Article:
Born in 1863, Edvard Munch spent his childhood in Christiania (the former name of the Norwegian capital, Oslo). The death of his mother and then of his elder sister affected Munch greatly and had an impact on his work. Anguish, solitude, illness, separation and mourning are recurring subjects throughout his long creative period.
Having received a grant, he went to Antwerp where he took part in the World’s Fair. He also spent time in Paris where he studied drawing. In 1886, he took part in the Autumn Exhibition in Christiania where he exhibited several paintings including "The Sick Child". In 1892, he travelled to Berlin to take part in the Union of Berlin Artists’ (Verein Berliner Künstler) exhibition. His works caused a great commotion and the exhibition closed after a few days. The support committee had his works exhibited in Cologne and Düsseldorf and then once again in Berlin where he lived for several years. Several lithograph series, woodcuts and “The Frieze of Life” date from this period.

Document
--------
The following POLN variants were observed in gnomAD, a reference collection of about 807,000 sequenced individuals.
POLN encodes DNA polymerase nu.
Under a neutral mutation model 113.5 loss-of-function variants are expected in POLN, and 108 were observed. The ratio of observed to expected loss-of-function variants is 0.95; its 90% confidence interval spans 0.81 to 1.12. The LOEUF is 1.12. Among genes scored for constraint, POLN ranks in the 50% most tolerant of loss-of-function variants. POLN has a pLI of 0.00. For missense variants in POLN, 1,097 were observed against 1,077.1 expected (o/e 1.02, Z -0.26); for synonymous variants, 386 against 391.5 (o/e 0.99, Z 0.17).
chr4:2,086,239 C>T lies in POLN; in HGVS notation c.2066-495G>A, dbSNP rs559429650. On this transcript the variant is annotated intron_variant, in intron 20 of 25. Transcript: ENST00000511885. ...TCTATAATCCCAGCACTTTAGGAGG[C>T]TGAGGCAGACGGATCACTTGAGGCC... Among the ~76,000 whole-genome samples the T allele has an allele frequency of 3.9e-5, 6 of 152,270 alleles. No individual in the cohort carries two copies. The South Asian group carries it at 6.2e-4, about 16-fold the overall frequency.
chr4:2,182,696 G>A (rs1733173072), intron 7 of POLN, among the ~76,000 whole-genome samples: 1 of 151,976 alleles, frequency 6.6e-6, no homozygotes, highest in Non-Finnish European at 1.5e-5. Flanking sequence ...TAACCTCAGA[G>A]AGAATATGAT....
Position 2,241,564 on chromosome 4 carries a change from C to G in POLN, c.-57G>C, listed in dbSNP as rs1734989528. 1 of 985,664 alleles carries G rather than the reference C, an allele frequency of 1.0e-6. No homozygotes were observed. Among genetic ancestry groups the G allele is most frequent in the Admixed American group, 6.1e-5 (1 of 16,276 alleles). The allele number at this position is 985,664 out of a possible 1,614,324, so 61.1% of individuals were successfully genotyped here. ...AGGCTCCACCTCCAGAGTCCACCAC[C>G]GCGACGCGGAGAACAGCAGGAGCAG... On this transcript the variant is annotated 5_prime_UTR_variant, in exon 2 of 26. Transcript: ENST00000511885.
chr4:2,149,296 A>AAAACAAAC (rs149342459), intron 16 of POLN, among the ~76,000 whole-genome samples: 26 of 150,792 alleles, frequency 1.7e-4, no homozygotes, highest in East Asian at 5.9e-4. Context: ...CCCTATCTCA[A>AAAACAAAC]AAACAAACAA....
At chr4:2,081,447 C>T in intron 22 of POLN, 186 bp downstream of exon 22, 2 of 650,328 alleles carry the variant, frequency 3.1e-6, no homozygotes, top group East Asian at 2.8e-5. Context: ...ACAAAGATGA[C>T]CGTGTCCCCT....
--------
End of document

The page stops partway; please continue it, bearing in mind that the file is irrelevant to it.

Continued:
In 1896, he went back to Paris and spent time rubbing shoulders with writers who frequented Mallarmé’s “Tuesday meetings” as well as the Nabi group, closely associated with “La Revue Blanche”.
In 1902, he met Dr Max Linde, who commissioned several works from the artist. That same year, he broke up with his lover Tulla Larsen and shot himself in the left hand with a revolver. After suffering from depression, he went back to live in Norway. From 1930, serious eye problems began to affect his sight.
During the German occupation of Norway, Munch led a reclusive existence in Ekely, where he died in 1944.